What is Estate Planning?
Everyone needs a good Estate Plan because everyone has something they care
about and people they don't want to inconvenience. You may think
you don't have a lot, but it doesn’t matter how much you have.
If you lock your doors when you go out, it means you have “stuff” that
you care about. If you fail to plan for getting this “stuff” somewhere
else, then the people who come after you will have to go to a lot of trouble
and expense to figure it out for you.
Good Estate Planning means creating a way to give what you want, to whom
you want, when you want, the way you want, while minimizing the taxes and
attorney's fees you and your loved ones need to pay now, and after you are
A good Estate Plan includes a way of transferring title to the things you
own now, to someone else after you have passed away. If you don’t
create a way to do this, only the Probate Court will have the power to
make the transfer. In general, the documents that can get this done, are
a will or a trust. Your Estate Plan should include a will or a trust. But
that’s not all.
Estate Planning also means planning for incapacity. In other words, what
if you get sick and can’t handle your own affairs? Who will have
the legal authority to take care of you? Good Estate Planning means thinking
and planning for this unhappy, but not so unlikely event, as well. To do
this, everyone needs a durable financial power of attorney, a durable power
of attorney for health care, and a living will.
Often overlooked by those who assume estate planning is for the elderly, is the fact that couples with children under 18 need a good estate plan. If something happens, what would happen to the kids? Many people procrastinate on choosing a proposed guardian for the children because they simply can't decide or can't agree. But if they are having trouble, how much more trouble will a court have when the time comes? Parents who care about the welfare of their children, must put documents together that reflect their best choice for the care of their children if something happens to them. And for single people, these papers are essential since, without a spouse, there is no one who has legal authority to handle health care and financial decisions in case of trouble. Lastly, of course members of the LGBT community must have papers. Since the state of Missouri does not recognize their relationships legally, the only way for them to confer legal rights on those most important to them is by creating legal documents to do so.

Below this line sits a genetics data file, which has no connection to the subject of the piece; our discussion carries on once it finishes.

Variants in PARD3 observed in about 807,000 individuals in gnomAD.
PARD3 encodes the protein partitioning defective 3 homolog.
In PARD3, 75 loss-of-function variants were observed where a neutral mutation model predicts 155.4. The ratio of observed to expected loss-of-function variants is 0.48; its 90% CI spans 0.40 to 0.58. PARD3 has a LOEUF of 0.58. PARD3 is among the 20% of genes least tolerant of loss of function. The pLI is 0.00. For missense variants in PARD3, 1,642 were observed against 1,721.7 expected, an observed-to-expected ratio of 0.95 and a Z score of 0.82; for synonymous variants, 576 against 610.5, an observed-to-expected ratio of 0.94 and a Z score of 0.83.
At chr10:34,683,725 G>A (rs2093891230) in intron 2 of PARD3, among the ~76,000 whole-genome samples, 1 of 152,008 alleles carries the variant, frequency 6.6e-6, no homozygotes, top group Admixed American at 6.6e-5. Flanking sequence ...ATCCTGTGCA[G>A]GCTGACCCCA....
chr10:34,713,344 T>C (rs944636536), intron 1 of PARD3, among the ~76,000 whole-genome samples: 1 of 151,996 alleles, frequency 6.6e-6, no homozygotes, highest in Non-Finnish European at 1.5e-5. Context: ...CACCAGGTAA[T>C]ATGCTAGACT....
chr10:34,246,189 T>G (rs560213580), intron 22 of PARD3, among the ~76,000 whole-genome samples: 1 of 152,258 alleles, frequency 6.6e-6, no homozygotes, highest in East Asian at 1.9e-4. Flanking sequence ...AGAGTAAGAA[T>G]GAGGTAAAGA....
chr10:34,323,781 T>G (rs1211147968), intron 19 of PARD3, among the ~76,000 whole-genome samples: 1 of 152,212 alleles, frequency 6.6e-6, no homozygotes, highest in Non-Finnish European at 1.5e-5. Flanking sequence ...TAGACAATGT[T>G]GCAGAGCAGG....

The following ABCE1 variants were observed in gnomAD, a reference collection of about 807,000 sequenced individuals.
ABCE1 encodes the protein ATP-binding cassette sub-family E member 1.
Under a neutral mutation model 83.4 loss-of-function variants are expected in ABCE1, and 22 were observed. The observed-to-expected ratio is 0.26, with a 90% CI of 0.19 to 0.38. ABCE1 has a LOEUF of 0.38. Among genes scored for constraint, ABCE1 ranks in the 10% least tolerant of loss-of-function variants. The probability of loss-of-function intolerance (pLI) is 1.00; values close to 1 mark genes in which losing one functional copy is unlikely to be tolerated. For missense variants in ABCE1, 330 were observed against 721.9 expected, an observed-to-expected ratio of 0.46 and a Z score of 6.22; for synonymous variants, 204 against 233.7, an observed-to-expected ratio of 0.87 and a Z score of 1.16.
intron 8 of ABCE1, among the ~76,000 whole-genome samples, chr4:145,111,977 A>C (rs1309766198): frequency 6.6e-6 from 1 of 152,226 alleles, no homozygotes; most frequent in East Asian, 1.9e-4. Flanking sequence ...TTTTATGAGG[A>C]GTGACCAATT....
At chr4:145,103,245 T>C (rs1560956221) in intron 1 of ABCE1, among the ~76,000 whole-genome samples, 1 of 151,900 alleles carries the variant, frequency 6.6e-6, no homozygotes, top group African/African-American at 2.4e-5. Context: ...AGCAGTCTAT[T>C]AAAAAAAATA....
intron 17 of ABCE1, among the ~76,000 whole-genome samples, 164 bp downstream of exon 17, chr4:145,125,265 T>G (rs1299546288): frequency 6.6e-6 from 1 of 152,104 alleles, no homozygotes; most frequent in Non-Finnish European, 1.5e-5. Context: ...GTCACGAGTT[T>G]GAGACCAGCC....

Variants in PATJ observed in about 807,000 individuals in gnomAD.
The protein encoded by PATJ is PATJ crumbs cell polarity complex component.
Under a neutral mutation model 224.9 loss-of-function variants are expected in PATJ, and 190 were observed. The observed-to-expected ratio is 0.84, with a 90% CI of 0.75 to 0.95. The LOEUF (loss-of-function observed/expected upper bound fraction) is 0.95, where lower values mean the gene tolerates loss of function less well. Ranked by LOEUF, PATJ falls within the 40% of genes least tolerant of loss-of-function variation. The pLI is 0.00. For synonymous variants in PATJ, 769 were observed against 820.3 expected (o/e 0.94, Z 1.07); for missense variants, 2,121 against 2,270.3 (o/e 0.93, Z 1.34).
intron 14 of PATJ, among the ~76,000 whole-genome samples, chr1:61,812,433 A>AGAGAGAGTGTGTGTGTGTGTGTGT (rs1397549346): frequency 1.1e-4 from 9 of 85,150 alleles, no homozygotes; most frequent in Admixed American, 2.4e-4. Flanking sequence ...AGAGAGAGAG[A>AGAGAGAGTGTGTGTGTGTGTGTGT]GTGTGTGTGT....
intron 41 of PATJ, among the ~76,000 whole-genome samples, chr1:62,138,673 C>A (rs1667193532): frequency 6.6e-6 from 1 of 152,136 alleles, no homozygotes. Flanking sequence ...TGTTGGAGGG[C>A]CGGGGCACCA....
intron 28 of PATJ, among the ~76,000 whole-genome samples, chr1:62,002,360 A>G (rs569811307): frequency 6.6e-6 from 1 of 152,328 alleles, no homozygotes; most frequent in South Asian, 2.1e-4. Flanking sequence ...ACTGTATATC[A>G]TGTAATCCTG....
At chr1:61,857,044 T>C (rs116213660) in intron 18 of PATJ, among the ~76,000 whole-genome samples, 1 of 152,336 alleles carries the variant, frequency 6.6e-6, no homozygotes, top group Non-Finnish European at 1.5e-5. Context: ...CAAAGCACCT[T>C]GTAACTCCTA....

For more information on Estate Planning, see Mr. Rubin’s
detailed advice on Wills, Trusts, Powers of Attorney, and Living Wills,
under “Areas of Practice”, on the left. You may also want to
review the information available at the The American College of Trust and Estate Counsel (ACTEC).